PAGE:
“If you tell these groups that they must comply with current AB5 rules… most of them will likely go under.”

Kristin Genis-Lund has been singing for most of her life. As a child, she was a charter member of San Francisco Girls Chorus. With that chorus, she had the opportunity to sing with the SF Opera in productions that included children’s choruses. Genis-Lund also played violin with the San Francisco Youth Orchestra and soon decided that she wanted a career in music. 

Ultimately, Genis-Lund chose voice over violin. She obtained a degree in vocal performance and German from Indiana University and got her masters degree from San Jose University. Since then, Genis-Lund has been singing as an independent contractor. She explains: “Most classical musicians rely on multiple sources of income to make a living with this art form. In addition, students and freelancers rely upon the freedom to be able to every now and again pick up some cash via short term contracts – they don’t want to be employees.”

Genis-Lund sings with multiple opera companies. She’s on the board of Bayshore Lyric Opera Company and works tirelessly to grow community opera and expose more people to opera, making this rich and historic art form accessible to new audiences. Oftentimes, their productions are offered free of charge to family-friendly audiences around the bay area. 

While recorded music has become immensely popular over the years, Genis-Lund explains that “It’s not about digital music, it’s about expression.  Opera performed live is an art form that comes closest to expressing pure emotion and live opera is one of the few art forms that bring these emotions to the forefront.” She emphasizes the art form of live performances and the importance of exposing the public to such artistic expression.

She describes the experience of performing in the park: “Children on the beach who have never heard a live operatic singer come and just look up in awe.” This community exposure to opera is what’s at risk with the constraints of AB5, as well as the incomes of all the performers. 

Genis-Lund explains that there are basically three tiers of opera companies: the third tier consists of volunteer performers at community theaters. The middle tier is made up of groups such as the Bayshore Lyric Opera Company. These groups have small budgets in which to pay most of their cast/crew and often are non-profit organizations. They obtain most of their funds from grants, sponsors, donors and ticket sales. Finally, the top tier consists of unionized professional companies. Genis-Lund explains the important role of mid-tier companies in the industry: mid-tier companies offer quality performances without the high ticket prices of professional companies, in addition to bringing fully produced opera productions to the parks free of charge and providing opportunities to local talent.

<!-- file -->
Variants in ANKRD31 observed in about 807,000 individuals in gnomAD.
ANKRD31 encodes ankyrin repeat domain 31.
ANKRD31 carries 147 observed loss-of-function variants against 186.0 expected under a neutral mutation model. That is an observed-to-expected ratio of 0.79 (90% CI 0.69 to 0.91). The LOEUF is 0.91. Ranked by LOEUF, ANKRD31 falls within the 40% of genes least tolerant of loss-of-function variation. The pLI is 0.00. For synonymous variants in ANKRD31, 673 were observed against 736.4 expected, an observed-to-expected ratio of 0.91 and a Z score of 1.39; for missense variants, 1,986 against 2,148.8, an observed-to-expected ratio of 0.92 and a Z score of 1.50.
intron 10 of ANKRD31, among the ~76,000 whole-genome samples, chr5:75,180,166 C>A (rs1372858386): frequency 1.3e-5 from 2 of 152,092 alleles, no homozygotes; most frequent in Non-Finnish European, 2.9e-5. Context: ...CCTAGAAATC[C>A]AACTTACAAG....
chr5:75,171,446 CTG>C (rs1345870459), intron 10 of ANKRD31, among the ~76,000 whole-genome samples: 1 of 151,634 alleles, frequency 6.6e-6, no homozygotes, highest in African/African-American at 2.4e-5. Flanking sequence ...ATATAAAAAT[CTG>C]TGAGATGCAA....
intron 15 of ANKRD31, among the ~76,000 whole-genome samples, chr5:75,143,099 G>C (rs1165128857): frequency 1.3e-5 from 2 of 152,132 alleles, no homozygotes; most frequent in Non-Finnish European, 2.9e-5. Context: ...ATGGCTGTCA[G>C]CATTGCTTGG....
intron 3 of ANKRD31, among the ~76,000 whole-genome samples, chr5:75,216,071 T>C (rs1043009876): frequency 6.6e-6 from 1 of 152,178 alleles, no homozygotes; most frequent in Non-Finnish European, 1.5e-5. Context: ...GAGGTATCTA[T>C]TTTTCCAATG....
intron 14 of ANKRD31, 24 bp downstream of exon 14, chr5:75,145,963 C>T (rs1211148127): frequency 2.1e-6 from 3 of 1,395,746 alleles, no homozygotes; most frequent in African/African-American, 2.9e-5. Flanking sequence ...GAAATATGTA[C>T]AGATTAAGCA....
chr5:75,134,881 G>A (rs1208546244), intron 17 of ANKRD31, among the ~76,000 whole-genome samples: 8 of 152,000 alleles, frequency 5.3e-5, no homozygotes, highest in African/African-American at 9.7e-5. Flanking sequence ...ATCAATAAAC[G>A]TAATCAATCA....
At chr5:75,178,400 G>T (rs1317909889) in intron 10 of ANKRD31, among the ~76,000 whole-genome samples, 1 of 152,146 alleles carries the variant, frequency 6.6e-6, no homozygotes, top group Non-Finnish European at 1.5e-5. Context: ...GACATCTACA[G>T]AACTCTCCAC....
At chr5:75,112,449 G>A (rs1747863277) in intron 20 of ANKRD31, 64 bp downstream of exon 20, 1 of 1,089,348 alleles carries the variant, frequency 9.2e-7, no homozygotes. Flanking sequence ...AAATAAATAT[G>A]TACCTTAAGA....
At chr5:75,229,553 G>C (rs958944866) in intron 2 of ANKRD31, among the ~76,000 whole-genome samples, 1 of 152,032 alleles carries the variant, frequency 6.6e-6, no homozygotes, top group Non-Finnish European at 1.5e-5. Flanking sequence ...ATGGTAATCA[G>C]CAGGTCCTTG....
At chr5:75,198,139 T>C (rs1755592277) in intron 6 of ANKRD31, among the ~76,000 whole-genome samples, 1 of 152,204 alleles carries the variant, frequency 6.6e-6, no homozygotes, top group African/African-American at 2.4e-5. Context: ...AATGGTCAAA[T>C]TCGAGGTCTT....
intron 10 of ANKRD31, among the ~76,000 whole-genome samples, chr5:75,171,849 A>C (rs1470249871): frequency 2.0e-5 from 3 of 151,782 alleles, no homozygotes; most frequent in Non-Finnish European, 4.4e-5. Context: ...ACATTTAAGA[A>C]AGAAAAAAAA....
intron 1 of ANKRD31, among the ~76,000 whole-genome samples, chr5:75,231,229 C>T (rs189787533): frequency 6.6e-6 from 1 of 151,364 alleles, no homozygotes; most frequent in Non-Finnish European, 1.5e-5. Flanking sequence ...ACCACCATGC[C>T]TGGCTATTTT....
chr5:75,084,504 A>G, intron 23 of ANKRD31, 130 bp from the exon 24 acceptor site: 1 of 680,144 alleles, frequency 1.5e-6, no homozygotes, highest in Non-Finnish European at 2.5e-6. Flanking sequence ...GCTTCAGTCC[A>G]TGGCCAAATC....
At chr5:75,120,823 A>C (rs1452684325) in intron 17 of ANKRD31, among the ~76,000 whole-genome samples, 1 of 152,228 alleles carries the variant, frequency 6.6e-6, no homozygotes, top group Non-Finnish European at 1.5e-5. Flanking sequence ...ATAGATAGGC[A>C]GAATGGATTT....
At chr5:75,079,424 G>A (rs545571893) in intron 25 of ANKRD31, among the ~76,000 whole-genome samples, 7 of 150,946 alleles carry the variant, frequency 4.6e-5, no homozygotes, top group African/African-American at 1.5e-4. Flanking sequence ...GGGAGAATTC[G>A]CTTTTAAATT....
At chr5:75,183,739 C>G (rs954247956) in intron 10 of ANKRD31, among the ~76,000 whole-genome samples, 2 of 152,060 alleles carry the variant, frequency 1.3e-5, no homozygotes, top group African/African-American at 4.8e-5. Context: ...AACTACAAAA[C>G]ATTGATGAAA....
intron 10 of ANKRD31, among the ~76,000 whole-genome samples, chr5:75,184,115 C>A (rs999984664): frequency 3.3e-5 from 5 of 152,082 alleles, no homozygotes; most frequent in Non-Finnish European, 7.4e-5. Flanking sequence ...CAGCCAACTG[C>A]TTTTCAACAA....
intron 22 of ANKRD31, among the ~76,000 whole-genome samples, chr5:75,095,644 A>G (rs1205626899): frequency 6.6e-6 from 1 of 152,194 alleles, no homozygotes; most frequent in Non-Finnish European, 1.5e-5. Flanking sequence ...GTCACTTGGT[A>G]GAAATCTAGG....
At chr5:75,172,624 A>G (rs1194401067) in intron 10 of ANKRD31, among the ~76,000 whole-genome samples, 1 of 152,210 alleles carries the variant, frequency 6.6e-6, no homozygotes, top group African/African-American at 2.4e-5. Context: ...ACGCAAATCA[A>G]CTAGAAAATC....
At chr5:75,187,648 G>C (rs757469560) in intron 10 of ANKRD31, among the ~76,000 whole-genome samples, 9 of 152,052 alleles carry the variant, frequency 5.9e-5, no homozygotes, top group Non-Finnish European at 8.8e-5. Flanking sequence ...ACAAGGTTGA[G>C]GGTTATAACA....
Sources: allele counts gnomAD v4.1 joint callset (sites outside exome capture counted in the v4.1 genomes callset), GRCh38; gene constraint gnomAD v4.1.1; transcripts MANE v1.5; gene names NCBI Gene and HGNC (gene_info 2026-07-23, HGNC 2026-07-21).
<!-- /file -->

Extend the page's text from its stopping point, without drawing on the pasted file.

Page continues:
While the top and bottom tiers aren’t as affected by AB5, the middle-tier opera companies are suffering. Genis-Lund says: “If you tell these groups that they must comply with AB5 rules by making their performers employees, it would be unsustainable. With such low levels of arts funding from our state, this is a very difficult shift, especially for small organizations.”

And she makes another point: “In the pandemic, what is keeping people sane? It’s the arts. Having access to movies, entertainment, creativity. That which makes life meaningful. The arts is always the first thing to go in times of crisis.”  

Genis-Lund lays out the sad reality: “It’s not feasible for these mid-tier companies to comply with AB5 laws asserting that every contract artist issued a 1099 should be reclassified as an employee”  But it’s not just the companies that will be hurt. Making a living with one full-time job in the opera field rarely exists. Singers rely on multiple gigs collectively for income or have a day job. 

And Genis-Lund has experienced this firsthand: As a soprano, she found the supply and demand difficult to manage in the bay area so she has a day job which allows her to continue pursuing her passion of opera.

This balance is now threatened by AB5. With the limitations that AB5 imposes on opera companies, communities will no longer be exposed to rich and historic forms of art, such as opera. “It’s those kinds of casual collisions of live art exposure that make life meaningful…to take that away under the guise of making life better for other workers, they just don’t understand the impact it’s having elsewhere.”

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